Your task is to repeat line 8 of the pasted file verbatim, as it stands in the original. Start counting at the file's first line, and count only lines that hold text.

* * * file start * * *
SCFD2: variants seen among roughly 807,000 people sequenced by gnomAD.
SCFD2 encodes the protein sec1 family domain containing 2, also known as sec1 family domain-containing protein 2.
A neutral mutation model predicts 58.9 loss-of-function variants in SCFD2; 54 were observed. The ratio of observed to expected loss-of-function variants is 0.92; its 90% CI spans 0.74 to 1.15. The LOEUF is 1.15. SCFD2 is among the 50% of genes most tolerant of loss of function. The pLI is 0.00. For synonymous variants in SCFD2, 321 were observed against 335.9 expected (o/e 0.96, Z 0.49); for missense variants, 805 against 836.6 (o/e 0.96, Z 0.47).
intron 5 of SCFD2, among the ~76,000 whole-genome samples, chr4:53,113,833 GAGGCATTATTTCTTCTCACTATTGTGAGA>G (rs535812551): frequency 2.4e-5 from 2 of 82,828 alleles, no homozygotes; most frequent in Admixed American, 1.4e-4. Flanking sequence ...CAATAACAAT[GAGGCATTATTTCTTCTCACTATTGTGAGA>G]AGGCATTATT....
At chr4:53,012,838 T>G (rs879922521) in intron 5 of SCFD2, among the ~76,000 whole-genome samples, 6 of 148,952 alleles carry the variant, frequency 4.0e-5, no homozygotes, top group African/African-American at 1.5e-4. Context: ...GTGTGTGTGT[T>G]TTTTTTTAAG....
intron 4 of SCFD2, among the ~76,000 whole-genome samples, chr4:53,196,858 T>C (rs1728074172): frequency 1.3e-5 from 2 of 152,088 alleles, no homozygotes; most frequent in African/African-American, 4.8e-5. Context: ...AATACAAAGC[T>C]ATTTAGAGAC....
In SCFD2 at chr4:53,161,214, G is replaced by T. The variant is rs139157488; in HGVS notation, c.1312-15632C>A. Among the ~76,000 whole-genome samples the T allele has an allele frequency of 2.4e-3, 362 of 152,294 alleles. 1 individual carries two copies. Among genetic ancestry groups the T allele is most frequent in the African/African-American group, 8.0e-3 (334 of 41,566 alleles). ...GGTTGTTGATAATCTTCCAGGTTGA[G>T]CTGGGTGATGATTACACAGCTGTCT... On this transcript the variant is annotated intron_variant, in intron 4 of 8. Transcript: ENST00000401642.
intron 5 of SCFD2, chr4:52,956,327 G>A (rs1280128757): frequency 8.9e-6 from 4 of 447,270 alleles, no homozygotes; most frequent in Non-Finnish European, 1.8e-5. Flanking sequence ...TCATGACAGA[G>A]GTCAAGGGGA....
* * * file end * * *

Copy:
intron 5 of SCFD2, chr4:52,956,327 G>A (rs1280128757): frequency 8.9e-6 from 4 of 447,270 alleles, no homozygotes; most frequent in Non-Finnish European, 1.8e-5. Flanking sequence ...TCATGACAGA[G>A]GTCAAGGGGA....